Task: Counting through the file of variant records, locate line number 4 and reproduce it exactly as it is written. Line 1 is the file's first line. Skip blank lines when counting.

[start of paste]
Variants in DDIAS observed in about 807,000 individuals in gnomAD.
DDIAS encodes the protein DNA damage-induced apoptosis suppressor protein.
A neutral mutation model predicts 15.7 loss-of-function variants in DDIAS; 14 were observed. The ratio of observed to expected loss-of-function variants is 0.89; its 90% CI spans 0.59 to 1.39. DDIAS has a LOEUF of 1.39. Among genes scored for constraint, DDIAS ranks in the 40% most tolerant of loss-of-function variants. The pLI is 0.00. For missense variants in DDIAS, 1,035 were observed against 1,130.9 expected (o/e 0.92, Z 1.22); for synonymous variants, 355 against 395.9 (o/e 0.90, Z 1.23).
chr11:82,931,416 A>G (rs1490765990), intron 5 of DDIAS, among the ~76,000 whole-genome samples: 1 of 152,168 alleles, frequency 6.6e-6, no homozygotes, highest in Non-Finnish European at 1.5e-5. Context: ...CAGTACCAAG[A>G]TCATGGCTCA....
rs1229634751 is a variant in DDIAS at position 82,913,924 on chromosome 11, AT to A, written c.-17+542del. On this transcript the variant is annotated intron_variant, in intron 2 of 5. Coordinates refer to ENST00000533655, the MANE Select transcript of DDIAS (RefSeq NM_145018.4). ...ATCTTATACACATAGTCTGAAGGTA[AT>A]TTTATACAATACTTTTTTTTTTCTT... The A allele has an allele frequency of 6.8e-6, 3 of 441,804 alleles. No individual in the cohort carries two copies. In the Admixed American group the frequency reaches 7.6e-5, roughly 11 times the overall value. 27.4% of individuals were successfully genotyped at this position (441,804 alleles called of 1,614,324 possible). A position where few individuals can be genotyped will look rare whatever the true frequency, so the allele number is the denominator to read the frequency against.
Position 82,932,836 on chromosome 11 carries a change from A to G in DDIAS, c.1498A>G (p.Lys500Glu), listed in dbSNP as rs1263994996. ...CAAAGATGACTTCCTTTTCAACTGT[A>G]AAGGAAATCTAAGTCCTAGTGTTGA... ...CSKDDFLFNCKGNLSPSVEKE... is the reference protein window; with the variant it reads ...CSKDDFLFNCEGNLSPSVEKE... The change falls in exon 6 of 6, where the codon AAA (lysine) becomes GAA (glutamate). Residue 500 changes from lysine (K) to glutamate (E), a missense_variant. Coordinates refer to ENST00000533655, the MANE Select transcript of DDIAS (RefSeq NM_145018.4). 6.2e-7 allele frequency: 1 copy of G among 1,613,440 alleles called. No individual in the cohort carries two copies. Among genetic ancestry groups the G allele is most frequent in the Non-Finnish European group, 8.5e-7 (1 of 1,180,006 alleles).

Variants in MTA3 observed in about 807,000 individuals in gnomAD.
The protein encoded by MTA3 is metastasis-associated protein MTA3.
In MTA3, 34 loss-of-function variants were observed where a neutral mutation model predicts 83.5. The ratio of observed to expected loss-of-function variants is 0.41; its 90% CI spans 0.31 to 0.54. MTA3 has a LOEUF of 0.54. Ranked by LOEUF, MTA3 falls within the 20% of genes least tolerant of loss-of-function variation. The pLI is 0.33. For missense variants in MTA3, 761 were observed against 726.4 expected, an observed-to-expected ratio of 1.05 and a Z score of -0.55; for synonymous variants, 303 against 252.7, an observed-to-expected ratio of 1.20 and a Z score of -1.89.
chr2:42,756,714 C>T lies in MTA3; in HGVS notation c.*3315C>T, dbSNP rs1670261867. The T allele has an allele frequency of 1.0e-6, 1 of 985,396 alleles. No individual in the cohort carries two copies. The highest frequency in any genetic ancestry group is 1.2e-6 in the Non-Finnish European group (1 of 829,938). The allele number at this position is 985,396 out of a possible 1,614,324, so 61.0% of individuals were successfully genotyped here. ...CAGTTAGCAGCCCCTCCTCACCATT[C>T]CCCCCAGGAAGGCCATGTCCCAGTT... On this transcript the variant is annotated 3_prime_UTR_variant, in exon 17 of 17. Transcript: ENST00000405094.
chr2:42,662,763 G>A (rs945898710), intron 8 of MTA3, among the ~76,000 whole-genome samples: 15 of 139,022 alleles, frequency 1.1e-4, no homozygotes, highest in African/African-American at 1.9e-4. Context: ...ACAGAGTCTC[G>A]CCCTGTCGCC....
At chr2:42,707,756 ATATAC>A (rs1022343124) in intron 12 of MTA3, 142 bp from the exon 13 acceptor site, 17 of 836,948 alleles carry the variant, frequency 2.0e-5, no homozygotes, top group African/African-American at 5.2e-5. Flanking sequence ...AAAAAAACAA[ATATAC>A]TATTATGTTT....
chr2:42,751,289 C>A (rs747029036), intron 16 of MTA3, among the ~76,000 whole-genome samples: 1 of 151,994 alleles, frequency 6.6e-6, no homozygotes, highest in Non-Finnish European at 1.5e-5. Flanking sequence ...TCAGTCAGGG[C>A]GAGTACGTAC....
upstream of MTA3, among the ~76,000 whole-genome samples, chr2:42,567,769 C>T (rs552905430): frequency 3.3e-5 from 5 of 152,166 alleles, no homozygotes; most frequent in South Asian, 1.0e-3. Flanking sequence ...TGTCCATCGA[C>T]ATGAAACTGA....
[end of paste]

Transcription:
chr11:82,931,416 A>G (rs1490765990), intron 5 of DDIAS, among the ~76,000 whole-genome samples: 1 of 152,168 alleles, frequency 6.6e-6, no homozygotes, highest in Non-Finnish European at 1.5e-5. Context: ...CAGTACCAAG[A>G]TCATGGCTCA....